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Reader I

Request For Comment: "Cybersecurity is Everyone's Job"

NICE Working Group

The Workforce Management Sub-Group has prepared a draft of "The Resilient

Workforce: Cybersecurity is Everyone's Job," and we are requesting your



This guidebook provides things to know, and things to do, for everyone in an

organization, regardless of type or size (publicly-traded corporation,

government agency, non-profit, small business, etc.), with guidelines

organized by essential business function, in order to engage the entire

workforce in securing the enterprise. It is intended for the general

audience, which may not otherwise be knowledgeable about, or interested in,

cybersecurity, but may be receptive to tips on what they can and should do.

It is therefore designed as an entry-point into the topic, and can be read

as a complete guide, or by each business function as standalone guides.


As you read this, the Co-Chairs and Co-Editors ask that you consider the

following questions:


*             Does this guidebook effectively address the objectives outlined in

the Introduction?

*             What would make it more impactful and useful?

*             Have we achieved the right balance between breadth (broad enough to

be easily accessible and applicable) and depth (specific enough to be


*             In the first section of each business function, does the paragraph

"You likely spend more of your time"... add value, or should it be


*             What additional job titles/roles are needed for each business


*             Should common tasks identified in the "What you need to do" section

of each business function be consolidated into Appendix 3: What Everyone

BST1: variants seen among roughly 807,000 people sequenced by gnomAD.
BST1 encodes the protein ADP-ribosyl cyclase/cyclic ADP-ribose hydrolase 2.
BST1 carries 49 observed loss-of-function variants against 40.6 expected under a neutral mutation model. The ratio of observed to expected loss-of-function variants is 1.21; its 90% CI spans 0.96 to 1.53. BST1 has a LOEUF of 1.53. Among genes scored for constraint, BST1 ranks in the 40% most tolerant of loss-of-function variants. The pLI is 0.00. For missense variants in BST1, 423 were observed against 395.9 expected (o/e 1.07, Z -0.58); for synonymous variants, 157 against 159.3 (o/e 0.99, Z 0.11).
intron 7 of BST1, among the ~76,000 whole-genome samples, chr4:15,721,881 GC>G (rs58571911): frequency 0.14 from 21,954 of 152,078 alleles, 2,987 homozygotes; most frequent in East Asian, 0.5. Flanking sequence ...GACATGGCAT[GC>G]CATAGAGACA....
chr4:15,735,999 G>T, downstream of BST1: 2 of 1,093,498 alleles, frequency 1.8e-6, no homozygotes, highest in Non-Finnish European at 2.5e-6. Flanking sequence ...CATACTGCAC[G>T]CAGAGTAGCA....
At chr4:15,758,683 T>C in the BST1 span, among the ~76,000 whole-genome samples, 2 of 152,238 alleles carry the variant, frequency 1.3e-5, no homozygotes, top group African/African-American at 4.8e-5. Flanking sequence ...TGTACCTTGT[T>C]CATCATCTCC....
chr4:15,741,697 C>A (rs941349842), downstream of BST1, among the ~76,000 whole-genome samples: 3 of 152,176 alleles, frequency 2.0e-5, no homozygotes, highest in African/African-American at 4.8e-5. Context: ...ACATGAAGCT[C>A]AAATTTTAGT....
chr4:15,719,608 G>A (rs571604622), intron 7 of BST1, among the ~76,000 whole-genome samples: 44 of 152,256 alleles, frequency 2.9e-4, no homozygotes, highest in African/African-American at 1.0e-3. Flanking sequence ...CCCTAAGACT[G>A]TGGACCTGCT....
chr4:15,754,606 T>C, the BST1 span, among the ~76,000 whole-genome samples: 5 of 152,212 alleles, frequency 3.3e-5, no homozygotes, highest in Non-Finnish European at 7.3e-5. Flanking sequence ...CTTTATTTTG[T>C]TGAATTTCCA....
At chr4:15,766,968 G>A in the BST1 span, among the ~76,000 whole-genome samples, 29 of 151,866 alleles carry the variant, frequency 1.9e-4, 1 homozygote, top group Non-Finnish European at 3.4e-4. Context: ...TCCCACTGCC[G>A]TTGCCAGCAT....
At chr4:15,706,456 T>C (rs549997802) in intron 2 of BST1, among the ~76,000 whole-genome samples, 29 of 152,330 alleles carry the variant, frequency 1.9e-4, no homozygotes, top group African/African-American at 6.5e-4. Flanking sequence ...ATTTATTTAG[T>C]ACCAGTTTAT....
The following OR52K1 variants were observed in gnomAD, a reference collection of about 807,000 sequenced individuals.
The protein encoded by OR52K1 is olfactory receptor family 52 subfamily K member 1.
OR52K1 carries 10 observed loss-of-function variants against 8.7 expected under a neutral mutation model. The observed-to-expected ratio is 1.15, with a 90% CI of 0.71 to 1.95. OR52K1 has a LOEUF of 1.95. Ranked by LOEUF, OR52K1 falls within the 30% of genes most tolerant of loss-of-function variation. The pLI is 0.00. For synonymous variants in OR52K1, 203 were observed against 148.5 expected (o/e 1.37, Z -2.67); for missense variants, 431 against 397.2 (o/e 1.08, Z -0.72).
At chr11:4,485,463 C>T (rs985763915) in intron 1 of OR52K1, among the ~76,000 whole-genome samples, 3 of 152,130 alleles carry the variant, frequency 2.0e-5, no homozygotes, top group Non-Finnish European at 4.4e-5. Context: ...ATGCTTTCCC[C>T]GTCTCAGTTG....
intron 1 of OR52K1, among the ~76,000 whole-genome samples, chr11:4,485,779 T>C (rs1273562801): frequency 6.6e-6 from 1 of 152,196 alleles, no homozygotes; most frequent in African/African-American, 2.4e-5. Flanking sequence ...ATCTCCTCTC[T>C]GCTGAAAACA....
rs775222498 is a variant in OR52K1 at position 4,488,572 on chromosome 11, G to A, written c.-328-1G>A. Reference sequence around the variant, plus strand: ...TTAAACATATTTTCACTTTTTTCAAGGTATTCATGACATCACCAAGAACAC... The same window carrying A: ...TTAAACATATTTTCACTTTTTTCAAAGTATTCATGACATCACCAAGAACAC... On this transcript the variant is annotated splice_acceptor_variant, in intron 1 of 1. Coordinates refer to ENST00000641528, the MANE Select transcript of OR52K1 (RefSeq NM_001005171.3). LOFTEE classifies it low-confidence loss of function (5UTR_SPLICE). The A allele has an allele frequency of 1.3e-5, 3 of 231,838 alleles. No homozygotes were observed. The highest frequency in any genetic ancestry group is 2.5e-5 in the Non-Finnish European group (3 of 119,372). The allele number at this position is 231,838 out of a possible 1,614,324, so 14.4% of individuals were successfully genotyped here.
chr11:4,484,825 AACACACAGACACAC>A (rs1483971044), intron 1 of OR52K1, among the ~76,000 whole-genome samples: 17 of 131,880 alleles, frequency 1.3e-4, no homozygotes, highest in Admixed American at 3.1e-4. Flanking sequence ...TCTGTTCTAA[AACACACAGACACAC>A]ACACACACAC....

Should Do, or kept in each business function in order to provide a

stand-alone "tear sheet" for each function?

*             Is there a better description for the business function "Facilities

and Operations" so that internal operations, customer-facing product/service

delivery, and physical systems are all included?

*             Should additional content be added to address supply

chain/third-party risk? If so, how?

*             Should additional content be added to address knowledge management

and data governance? If so, how?

*             What other references should be included in Appendix 4: Where to

Learn More?


The document, and an online survey for feedback, is hosted on its webpage:



kforce-management-sub-working-group/workforce> .


Thank you!

5 Replies
Newcomer II

With just a quick glance that looks like a very good starting point for a solid cyber stance for organisations. And yes, supply chain / third-party risk should definitely be mentioned strongly - procurement processes need to taking into account external risks to the business and ensuring that those engaged are also taking cyber-hygiene seriously.

Defender I

;This note is not a comment on the new NICE document; I will look at that draft later to decide if I have meaningful comments to submit to NIST.
For now, these are thoughts on the general statement, “Cybersecurity is everyone’s job.”


Such a claim is logically equivalent to declaring any of the following:

* Occupational safety is everyone’s job.
* Workplace sanitation is everyone’s job.
* Workforce diversity is everyone’s job.
* Business development is everyone’s job.